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A Picture Album of the British Isles from our Trip - September 2002 Section III

 

Our first stop on the bus trip was at Stonehenge, then Salisbury, and on to Plymouth for the night.

The mysterious assembly of stones called Stonehenge.

 

At Stonehenge are many of these mounds called barrows. They are believed to be burial mounds for the workers who built Stonehenge

 

It is impossible to fit this Cathedral at Salisbury into one picture. This is the spire which is the highest in England - 404 feet. The cathedral was built between 1220 and 1258, with the spire added 100 years later.

 

East end showing the stained glass windows (facing left).

 

North side

 

Main entrance, west end. Visitors' entrance is the door on the right.

 

Cloisters, just outside the Chapter House which has one of the four remaining copies of the Magna Carta. The trees are Cedars of Lebanon planted in 1837 to commemorate the accession of Queen Victoria.

 

Inside Salisbury Cathedral looking toward the High Alter at the east end.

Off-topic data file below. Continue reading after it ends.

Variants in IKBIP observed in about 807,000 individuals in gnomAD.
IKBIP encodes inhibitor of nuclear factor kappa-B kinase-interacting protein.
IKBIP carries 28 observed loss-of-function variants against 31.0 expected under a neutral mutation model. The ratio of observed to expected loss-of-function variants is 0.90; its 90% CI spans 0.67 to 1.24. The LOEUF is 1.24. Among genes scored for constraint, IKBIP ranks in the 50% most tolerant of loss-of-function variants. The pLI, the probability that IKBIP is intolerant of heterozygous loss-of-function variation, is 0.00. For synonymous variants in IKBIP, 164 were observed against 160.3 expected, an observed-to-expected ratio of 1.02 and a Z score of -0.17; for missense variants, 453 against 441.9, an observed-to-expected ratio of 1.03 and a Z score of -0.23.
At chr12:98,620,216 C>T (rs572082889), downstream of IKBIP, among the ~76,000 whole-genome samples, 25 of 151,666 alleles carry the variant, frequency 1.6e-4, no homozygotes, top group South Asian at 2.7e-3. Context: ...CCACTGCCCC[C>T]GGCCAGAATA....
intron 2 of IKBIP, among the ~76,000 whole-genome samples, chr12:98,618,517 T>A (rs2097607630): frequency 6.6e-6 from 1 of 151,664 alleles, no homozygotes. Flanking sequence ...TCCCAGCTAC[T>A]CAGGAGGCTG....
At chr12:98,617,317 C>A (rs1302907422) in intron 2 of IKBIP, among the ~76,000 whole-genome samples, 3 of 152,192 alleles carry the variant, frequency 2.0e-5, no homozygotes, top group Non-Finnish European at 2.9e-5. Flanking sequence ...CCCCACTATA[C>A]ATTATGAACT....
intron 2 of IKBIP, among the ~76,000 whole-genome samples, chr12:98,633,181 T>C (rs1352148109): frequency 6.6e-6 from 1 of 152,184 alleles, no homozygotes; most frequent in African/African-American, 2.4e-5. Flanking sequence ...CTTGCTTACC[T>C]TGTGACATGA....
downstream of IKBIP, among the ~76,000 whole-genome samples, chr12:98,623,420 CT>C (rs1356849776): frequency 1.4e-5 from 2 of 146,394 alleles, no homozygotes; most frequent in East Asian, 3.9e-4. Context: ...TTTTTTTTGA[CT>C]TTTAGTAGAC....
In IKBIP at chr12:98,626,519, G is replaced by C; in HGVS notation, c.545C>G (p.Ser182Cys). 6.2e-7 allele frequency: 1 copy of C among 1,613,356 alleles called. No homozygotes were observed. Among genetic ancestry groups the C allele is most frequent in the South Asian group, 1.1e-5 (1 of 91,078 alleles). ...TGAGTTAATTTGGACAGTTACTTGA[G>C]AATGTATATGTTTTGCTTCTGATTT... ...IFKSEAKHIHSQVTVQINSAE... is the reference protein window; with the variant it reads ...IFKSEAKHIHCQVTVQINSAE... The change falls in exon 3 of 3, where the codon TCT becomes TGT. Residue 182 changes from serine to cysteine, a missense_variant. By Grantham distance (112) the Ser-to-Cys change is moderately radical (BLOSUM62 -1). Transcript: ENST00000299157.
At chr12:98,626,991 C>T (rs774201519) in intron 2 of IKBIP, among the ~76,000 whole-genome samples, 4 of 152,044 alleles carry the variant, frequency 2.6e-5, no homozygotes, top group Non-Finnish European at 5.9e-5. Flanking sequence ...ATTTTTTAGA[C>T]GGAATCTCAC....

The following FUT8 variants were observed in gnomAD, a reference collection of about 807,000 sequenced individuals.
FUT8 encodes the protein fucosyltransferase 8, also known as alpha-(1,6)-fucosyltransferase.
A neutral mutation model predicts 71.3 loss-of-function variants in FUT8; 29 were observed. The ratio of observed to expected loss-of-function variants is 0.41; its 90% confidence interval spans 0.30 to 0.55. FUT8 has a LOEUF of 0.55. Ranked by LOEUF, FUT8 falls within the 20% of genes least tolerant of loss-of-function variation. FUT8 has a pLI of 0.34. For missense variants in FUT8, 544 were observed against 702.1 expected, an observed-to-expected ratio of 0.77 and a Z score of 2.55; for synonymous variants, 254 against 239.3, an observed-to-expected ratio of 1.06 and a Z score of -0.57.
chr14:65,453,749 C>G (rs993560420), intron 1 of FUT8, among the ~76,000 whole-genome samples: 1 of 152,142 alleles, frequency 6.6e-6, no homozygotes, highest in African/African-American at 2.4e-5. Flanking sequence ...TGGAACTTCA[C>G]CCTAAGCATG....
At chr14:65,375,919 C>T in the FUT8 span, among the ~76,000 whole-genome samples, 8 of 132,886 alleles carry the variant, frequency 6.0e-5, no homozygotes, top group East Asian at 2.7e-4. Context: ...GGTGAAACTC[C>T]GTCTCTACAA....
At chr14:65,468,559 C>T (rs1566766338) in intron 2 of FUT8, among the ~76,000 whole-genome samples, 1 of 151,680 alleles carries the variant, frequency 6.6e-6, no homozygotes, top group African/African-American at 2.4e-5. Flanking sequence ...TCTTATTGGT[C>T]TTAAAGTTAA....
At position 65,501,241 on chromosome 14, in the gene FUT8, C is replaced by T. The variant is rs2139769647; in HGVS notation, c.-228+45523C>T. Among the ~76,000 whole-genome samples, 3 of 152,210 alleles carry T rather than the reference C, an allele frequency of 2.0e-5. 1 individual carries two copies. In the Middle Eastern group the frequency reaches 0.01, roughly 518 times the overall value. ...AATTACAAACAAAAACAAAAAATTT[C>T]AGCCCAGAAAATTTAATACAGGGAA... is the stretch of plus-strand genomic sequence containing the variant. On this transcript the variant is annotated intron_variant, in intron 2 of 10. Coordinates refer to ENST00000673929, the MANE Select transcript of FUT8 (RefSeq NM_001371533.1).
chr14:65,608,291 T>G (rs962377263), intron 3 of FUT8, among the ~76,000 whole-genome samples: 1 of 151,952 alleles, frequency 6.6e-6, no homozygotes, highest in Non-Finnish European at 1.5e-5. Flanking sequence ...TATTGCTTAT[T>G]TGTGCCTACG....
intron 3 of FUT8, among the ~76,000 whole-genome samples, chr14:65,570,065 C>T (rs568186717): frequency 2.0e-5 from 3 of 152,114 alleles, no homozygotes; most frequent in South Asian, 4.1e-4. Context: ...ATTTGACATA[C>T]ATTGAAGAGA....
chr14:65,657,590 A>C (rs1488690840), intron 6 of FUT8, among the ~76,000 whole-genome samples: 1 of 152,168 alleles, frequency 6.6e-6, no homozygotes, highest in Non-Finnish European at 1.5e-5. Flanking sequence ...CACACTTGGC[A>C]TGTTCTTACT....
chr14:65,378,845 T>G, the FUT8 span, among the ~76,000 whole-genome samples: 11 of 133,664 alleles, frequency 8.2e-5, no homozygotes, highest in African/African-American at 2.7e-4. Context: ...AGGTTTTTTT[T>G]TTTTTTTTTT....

I am not sure what this is, but it is impressive!

 

This 13th century clockstill works, and is the oldest working clock in the world. It has no face or hands because it was used only to strike the hour.

 

The inner harbour at Plymouth, Devon, showing the Mayflower Steps. The original steps eroded away and were rebuilt in the 19th century. The semicircular platform has the names of all those who sailed on the Mayflower.

Wednesday we left Devon for Cornwall via the Tamar Bridge and spent the day touring this western-most county of England. It is a beautiful place! For scenes of Cornwall and Thursday's time in both Cornwall and Devon, click here.

 

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